Browser Extensions & Associated Vulnerabilities

Browser Extensions & Associated Vulnerabilities

Web browser extensions are an effective way to manage and fix browser related functionalities. They are small software attached to the browser to add better functionality to the browser implementation. But the growing technology and productivity has led to an increase in the number of malicious activities through browser extensions.

One of the most popular browser extensions by Chrome – “Evernote” that had over 4.6 million users was found with a major flaw – Cross site scripting vulnerability. The flaw could have allowed attackers to access active sessions of other websites on the same browser. The news from Hacker News mentioned the attack in detail and how a payload could have been injected.

Recently an Android malware was discovered by the CSIS security team. It was a Trojan Horse named – Joker on GooglePlay, detected on 24 apps with over 4 million downloads. It attached a component to the advertisement websites and interact with them silently to steals victim’s SMS, contacts and device information.

A phishing campaign was also performed in early 2019. It utilized the use of SingleFile extension which is part of Google Chrome and Firefox browser, allowing the user to save web pages as single HTML files. The attackers copied the legitimate website pages and created identical webpages to use it in phishing activities thereby stealing user credentials.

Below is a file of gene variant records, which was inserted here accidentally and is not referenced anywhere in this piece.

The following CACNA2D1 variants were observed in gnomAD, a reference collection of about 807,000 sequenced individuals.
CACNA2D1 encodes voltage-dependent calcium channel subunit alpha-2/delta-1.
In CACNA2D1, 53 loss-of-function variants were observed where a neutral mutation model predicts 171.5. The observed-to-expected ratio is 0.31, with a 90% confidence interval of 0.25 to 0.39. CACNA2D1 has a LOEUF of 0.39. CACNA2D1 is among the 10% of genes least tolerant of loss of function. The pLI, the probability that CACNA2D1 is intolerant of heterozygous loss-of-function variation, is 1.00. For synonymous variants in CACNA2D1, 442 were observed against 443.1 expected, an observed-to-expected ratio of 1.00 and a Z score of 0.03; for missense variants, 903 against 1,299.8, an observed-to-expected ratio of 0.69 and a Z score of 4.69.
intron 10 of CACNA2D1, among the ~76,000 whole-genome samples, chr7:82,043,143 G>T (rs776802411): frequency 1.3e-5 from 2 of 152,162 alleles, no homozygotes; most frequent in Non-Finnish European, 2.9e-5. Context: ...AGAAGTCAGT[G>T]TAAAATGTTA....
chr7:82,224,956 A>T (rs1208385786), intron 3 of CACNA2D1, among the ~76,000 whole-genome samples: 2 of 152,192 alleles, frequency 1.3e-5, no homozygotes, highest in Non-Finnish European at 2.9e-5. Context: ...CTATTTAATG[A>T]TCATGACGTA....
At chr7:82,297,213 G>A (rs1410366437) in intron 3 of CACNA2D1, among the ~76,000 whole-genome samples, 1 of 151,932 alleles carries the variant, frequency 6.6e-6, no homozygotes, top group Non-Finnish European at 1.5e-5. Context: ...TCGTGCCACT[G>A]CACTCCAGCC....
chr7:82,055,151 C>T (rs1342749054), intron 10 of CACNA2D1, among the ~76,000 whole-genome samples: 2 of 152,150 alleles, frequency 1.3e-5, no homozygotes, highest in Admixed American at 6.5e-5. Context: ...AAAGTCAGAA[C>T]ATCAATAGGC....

However, Google finally responded to these malevolent activities. It launched an audit program known as Project Strobe. Google also decided that the extensions should require only a minimum amount of user data necessary to perform its functionality. The tech- giant is also expanding its privacy policy, where earlier only extensions requiring personal and sensitive data posted the policies now user-generated content will need to communicate policy as well.

“To make this ecosystem successful, people need to be confident their data is secure, and developers need clear rules of the road”

The above statement by Google Fellow and vice president of engineering Ben Smith clearly indicates that strong security controls for browser extensions were missing in the first place and Google admits that it has encouraged the developers to take mandatory security and privacy-related steps but the slow-paced improvement has made Chrome extensions a real industry concern.

However, the main concern is that each browser extension uses different SOP (Same Origin Policy). Due to that attackers in order to allure naïve users, they can work in disguise in the form of grammar checks, archive assistance, etc. as browser add-ons and are still able to carry out phishing, spying and scamming techniques.

As security professionals, cybersecurity awareness training and new software downloads to personal and corporate computers without proper validation should not be done. There are some necessary steps that organizations need to implement towards protecting data from dangerous threats that trouble users from browser extensions.



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